Chances were slim for the Eagles from there for much of the rest of the match, with Matkava tacking on a penalty kick later on in the half to add insurance and improve Georgia to 2-0 in its RWC warm-ups with an enticing fixture against Scotland coming next weekend. 

As for the Eagles, an already deflating 2023 without a Rugby World Cup to look forward to got a bit more so in Tbilisi, though not all was hum-drum during the Americans’ European tour. 

Second-Half Slumps 

It was a recurring theme in all three of the Eagles’ recent matches across the pond — flat second halves soured a victory a bit and worsened defeats.  

In the opener of the tour against Romania, the squad — which rocketed out to a 31-0 lead in Bucharest and looked set for utter domination in coach Scott Lawrence’s debut — let in three tries in the final 20 minutes that ultimately didn’t danger the Americans’ victory, but still put a bit of a damper on an otherwise fantastic first fixture of the Lawrence era.  

In the second game against Portugal, the Eagles were right with the Lobos to start the second half, as the United States only found itself down two following a penalty try shortly after the intermission, but Portugal’s 24 unanswered points the rest of the way (which included a disallowed try that would’ve made the eventual 46-20 score even more lopsided) extended Eagle woes against the Lobos after the latter knocked the former out of their final shot at a RWC berth in the Final Qualification Tournament late last year.  

And then against the Lelos, though the American mistakes in the second half were limited, and they did not play a bad final 40 minutes (especially defensively), the attack was just not there when it needed to be, with the Eagles’ fantastic first-half try merely proving to be a flash in the pan in Tbilisi, as Georgia looked precisely like the powerful Tier 2 nation it has molded itself to be over the past year and change.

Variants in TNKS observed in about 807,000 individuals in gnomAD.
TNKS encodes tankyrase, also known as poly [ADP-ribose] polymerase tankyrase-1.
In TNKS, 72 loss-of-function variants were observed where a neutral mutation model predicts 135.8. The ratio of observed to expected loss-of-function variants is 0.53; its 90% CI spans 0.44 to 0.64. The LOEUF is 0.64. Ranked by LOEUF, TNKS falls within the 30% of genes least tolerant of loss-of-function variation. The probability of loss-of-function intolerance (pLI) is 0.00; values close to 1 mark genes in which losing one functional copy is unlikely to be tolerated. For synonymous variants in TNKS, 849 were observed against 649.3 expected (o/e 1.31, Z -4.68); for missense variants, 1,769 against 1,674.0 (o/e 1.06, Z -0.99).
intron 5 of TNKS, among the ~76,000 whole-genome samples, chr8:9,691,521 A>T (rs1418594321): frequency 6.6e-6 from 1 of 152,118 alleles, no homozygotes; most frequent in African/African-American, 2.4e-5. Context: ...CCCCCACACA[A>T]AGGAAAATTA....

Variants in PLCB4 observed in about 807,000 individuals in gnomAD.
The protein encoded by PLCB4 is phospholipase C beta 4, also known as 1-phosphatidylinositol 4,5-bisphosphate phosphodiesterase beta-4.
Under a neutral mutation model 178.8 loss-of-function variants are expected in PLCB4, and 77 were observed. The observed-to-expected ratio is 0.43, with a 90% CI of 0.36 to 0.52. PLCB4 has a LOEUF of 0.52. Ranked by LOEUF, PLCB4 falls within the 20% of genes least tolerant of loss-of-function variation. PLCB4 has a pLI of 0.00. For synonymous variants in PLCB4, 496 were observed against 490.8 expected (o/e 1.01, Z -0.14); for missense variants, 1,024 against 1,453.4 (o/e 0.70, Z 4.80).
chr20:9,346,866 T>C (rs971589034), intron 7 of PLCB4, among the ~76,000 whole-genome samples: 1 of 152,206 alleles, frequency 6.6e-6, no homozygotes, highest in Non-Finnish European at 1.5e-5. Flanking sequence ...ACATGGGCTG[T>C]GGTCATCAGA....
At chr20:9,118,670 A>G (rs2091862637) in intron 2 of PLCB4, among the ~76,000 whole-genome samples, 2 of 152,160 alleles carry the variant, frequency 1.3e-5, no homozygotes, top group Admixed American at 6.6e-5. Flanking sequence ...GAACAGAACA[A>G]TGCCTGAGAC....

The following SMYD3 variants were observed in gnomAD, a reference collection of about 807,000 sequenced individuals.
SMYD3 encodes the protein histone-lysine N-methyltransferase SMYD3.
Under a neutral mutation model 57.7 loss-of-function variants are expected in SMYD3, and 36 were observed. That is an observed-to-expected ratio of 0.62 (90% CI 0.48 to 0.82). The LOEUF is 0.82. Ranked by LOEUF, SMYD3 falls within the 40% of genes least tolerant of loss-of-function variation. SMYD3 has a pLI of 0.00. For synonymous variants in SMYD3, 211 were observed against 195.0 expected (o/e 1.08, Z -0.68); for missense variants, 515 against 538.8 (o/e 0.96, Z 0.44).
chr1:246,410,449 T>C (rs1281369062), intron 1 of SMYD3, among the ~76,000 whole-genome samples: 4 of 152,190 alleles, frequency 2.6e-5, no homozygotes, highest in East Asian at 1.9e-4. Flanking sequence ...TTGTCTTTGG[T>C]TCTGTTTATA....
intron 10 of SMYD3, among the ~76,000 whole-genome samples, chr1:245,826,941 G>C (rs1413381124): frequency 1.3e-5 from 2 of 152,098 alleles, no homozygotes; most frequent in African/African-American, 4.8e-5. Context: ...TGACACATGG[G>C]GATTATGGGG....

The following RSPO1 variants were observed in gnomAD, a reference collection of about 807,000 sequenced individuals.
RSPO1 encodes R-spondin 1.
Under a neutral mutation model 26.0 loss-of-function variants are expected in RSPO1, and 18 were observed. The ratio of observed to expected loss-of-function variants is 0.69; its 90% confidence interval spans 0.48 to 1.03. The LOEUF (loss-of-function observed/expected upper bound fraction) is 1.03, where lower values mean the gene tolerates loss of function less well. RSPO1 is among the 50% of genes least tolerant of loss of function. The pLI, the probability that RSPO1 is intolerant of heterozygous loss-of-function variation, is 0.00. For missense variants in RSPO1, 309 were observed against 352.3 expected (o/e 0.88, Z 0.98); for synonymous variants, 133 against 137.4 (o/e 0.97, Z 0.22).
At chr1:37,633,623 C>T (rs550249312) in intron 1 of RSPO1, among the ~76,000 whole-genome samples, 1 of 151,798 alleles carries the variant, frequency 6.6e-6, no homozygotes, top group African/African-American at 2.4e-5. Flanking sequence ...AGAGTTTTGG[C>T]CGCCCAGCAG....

Growth will come for the Eagles following so many debutants and fresh ideas tried out under a new coaching regime across the recent three-week sprint, of course, but being clinical and staying dangerous as matches wear on is a way that the U.S. could quickly change its fortunes in preparation for Australia 2027. 

Mixed Bag Abroad 

If you were expecting the United States to become world-beaters overnight following three matches of Lawrence leading the touchline, it’s perhaps time to temper expectations.  

It’ll take time for the former Major League Rugby boss to really get his squad to start cooking as it continually adjusts from the fallout of missing out on the RWC for the first time since 1995, especially as the Eagles in his tenure have still yet to play a match of real meaning, such as in a competition, World Cup qualifying, etc.

But things certainly can be learned from the completed tour, though, and with the demand undoubtedly being to get the Eagles back to the RWC and at the doorstep of the top 10 of the World Rugby Rankings as soon as possible, any additional knowledge, feedback and/or things to grow on is important and critical to the success and sustainment of USA Rugby.  

Additionally, all three matches were on foreign soil, after all, so when the Eagles finally get back to playing games of note in the comfort of the United States following the RWC, it may be a more true indicator of the trajectory the national team is in.

If recurring problems exist with home support around and further time for Lawrence to implement his tactics, squad choices and building of team chemistry, then that might start to be cause for alarm.  

But alas, to put either too little or too much stock in the Americans’ tour this month is misguided — things likely will take months (maybe even years) of on-pitch experience to fully bloom, but what happened in Europe over the past three weekends can’t totally be ignored, either.